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Homework Help: Static Equilibrium Question

  1. Mar 24, 2015 #1
    Q: Why does the pin have a vertical force in this diagram (Static equilibrium)?

    The diagram depicts as follows:
    A mass (M) sits a a distance (d) away from the end of a board of length L. The board has a mass of m and is held to a wall by a pin and string. The string has a tension (T) and is at angle θ to the board. The pin is frictionless. The entire set-up is in static equilibrium.
    Side note: In the diagram I called the board the scaffolding.

    What I don't understand is why the pin has forces (Fy & Fx). I sort of understand why the pin must have a horizontal force (Fx) b/c otherwise there would be no other force to oppose the horizontal competent of tension. What I don't understand is why Fy must exist. To be honest, I don't even understand what Fy really is. Shouldn't the vertical component of the tension be enough to oppose the weight of the block and board? If so, there's no need for another upward vertical force.

    I'd be really grateful if anyone could help me on this!
  2. jcsd
  3. Mar 24, 2015 #2
    Is the pin stuck to the wall?
  4. Mar 25, 2015 #3


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    Consider moments about some point (that is not on a vertical line through the pin).
  5. Mar 25, 2015 #4


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    Why not experiment? A short length of timber, a piece of rope tied to one end, and a brick. Is the free end of the plank happy to rest against the wall, or do you need to provide vertical supprt to keep it horizontal?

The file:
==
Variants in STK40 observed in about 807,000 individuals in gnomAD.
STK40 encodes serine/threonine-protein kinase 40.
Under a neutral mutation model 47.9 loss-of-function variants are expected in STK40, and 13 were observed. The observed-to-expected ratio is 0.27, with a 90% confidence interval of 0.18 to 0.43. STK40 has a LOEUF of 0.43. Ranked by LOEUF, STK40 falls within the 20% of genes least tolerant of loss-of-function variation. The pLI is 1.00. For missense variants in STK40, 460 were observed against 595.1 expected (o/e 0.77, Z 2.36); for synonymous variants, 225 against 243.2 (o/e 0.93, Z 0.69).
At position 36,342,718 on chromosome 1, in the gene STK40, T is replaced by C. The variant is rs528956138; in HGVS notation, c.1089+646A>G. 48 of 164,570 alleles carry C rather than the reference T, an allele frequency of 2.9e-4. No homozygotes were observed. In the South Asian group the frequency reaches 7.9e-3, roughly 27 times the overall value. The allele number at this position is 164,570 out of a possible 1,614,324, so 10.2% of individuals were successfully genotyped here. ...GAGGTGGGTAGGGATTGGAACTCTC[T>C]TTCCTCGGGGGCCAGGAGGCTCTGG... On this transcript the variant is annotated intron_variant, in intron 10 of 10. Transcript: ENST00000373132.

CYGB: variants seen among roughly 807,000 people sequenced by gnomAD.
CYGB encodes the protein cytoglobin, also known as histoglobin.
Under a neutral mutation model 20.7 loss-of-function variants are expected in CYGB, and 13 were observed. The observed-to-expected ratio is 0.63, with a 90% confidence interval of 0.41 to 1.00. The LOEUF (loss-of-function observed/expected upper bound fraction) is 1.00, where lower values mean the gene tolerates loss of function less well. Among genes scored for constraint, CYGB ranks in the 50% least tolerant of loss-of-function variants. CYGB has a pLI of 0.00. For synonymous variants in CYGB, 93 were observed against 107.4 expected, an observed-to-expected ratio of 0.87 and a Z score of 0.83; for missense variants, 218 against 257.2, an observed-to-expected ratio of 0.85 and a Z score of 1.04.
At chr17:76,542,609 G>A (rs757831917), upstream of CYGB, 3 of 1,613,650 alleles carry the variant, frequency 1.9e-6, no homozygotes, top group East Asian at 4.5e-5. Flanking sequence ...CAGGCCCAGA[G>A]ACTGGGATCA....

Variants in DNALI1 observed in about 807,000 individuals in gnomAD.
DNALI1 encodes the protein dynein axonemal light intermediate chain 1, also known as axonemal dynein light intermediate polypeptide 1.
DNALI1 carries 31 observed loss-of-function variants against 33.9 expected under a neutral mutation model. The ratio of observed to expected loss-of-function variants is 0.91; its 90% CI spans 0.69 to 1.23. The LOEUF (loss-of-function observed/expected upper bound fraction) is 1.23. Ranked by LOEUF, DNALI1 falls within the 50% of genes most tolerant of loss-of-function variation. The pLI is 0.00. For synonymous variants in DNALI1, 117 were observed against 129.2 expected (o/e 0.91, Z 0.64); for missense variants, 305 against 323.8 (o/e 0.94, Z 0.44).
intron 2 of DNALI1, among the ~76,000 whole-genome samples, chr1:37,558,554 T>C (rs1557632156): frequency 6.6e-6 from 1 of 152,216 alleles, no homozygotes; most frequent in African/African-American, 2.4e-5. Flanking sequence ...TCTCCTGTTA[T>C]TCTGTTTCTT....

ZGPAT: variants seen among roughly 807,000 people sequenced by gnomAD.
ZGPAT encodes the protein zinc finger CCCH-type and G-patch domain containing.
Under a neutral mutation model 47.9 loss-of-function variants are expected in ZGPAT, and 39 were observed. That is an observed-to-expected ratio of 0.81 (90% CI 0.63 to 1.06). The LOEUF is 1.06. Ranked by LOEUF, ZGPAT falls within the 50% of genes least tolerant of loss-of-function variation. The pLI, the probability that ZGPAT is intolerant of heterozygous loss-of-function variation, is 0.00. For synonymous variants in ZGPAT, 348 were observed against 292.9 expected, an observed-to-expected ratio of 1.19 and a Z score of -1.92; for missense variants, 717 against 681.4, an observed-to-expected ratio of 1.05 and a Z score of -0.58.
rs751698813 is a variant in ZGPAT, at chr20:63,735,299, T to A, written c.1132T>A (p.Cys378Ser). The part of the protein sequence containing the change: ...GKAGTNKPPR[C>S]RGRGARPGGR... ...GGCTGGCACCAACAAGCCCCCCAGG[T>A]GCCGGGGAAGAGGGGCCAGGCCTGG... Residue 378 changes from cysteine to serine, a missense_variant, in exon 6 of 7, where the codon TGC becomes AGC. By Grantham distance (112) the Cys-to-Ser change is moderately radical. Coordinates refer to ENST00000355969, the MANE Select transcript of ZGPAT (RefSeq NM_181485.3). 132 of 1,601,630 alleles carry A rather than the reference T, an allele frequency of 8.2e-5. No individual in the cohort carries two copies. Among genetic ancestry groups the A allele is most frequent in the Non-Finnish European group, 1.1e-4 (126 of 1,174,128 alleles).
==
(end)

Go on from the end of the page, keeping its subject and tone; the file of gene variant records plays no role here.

Once you know what happens in reality you can look for the theory that confirms it.
  6. Mar 25, 2015 #5
    What about the torque produced by Tsinθ ? What if we look at the net torque about the centre of mass of the plank ? We may need Fy for rotational equilibrium of the plank.
  7. Mar 25, 2015 #6
    The pin is like a hinge and the name for such forces is Hinge reaction forces.
    The vertical component of T might be enough. You have to find it by using Newton's laws.
    The hinge reaction plays a very important role when the string is burnt. In such a case, Fx provides centripetal force, while Fy opposes the weight.
  8. Mar 25, 2015 #7
    Could we establish static equilibrium without the pin ? I mean just the plank , and the thread ?
  9. Mar 25, 2015 #8
    Yes. When you have friction. That is why I said you need to apply Newton's laws. Draw the FBD for the plank.
  10. Mar 25, 2015 #9


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    Would you think the same if the mass m was at the pin end of the board?
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